Newfoundland Time Zone
The Newfoundland Time Zone (NT) is a geographic region that keeps time by subtracting 3 1⁄2 hours from Coordinated Universal Time (UTC) during standard time, resulting in UTC−03:30; or subtracting 2 1⁄2 hours during daylight saving time. The clock time in this zone is based on the mean solar time of the meridian 52 degrees and 30 arcminutes west of the Greenwich Observatory.
|Newfoundland Time Zone|
|20:42, 16 December 2019 NST [refresh]|
|Observance of DST|
|DST is observed throughout this time zone.|
The Newfoundland Time Zone consists only of the province of Newfoundland and Labrador. Officially, the entire province is in the Newfoundland Time Zone by legislation. In practice, however, Newfoundland Time is observed only on the island of Newfoundland, its offshore islands, and southeastern Labrador communities south of Black Tickle. The rest of Labrador, from Cartwright north and west, observes the Atlantic Time Zone along with the rest of Atlantic Canada. Southeastern Labrador prefers Newfoundland Time in part to synchronize with the schedule of radio broadcasts from Newfoundland.
This time zone exists because of the location of the island and the fact that it was a separate dominion when the time zones were established. The island of Newfoundland lies squarely in the eastern half of the Atlantic Time Zone, exactly three and a half hours from Greenwich. Since it was separate from Canada, it had the right to adopt its own time zone. While the entire province lies west of the standard meridian for a half-hour time zone, 52.5 degrees west longitude, this is also the near exact meridian of St. John's, the province's capital and largest city. In 1963, the Newfoundland government attempted to bring the province into conformity with the other Atlantic provinces, but withdrew in the face of stiff public opposition.
Daylight saving time is observed throughout the province. In 1988, the provincial government experimented with double daylight saving time, moving clocks ahead two hours during daylight saving time instead of just one. However, this forced children to go to school in the dark in the latter part of the school year. In 2006, the province enacted an extension to daylight saving time, starting in 2007, following the lead of the United States and other Canadian provinces.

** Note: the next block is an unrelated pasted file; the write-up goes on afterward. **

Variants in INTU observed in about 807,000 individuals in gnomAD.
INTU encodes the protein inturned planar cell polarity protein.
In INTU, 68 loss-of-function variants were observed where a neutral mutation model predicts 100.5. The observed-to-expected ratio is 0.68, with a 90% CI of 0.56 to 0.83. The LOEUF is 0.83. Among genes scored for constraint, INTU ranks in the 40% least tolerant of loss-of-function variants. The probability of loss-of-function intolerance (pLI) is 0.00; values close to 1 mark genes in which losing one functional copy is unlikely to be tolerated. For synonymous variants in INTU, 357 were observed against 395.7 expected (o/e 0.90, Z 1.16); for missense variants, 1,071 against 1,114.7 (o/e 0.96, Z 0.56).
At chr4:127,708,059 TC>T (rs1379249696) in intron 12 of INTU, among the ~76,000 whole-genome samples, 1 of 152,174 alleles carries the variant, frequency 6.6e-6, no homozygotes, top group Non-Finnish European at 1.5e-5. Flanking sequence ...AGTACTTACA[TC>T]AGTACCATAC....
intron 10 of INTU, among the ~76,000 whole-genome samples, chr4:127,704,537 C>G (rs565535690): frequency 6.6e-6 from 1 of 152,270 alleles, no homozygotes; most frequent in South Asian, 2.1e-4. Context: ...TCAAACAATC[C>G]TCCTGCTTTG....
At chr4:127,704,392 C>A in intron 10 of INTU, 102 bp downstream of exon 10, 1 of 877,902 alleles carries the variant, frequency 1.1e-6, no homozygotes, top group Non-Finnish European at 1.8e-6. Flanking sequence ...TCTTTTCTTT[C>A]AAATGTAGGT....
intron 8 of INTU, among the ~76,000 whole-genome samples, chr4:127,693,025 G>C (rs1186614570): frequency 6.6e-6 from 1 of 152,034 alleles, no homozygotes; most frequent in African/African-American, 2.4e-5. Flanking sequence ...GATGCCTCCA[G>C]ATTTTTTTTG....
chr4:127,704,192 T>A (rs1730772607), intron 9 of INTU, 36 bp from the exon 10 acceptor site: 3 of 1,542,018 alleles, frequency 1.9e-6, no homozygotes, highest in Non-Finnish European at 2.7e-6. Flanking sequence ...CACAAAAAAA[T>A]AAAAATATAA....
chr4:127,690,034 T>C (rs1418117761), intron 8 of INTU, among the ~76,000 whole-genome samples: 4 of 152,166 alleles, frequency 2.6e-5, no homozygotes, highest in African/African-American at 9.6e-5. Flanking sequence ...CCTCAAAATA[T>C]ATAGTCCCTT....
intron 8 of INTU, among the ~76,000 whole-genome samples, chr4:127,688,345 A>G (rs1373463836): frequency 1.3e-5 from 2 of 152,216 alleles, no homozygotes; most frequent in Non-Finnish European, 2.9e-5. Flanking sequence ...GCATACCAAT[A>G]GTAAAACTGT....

This unusual time zone puts the island of Newfoundland an hour and a half ahead of Central Canada, a half hour ahead of the rest of Atlantic Canada, and half an hour behind Saint-Pierre and Miquelon. Because of this, it will hit milestones of time before (almost) any other part of the continent, a quirk that draws attention to Newfoundland. For instance, the Newfoundland releases of Harry Potter and the Half-Blood Prince and Halo 2 were publicized across Canada. Also, it is very common for the lone independently owned-and-operated TV station in the province, CJON (known on-air as "NTV"), to use a "World Television Premiere" bumper at the start of some programming that airs before most other North American stations air them.
Likewise, in the case of Canada-wide broadcasts timed to air at the same local hour in the rest of the country through the use of a different feed for each time zone (most commonly the CBC's radio and TV networks), Newfoundland uses Atlantic-time broadcasts. References to programs airing at "6:00, 6:30 in Newfoundland" are commonly heard across Canada. However, whenever the province's two full-fledged stations, CJON and CBNT (both based in St. John's), originate local programming, they usually refer to it as "coming up at 6:00, 5:30 in most of Labrador."
Major metropolitan areas
- Newfoundland's Daylight Saving Act of 1917
- Standard Time Act 2006.
- "Turn Backward, O, Time!" (PDF). The Daily News. 1963-05-27.
- Standard Time Act, Government of Newfoundland and Labrador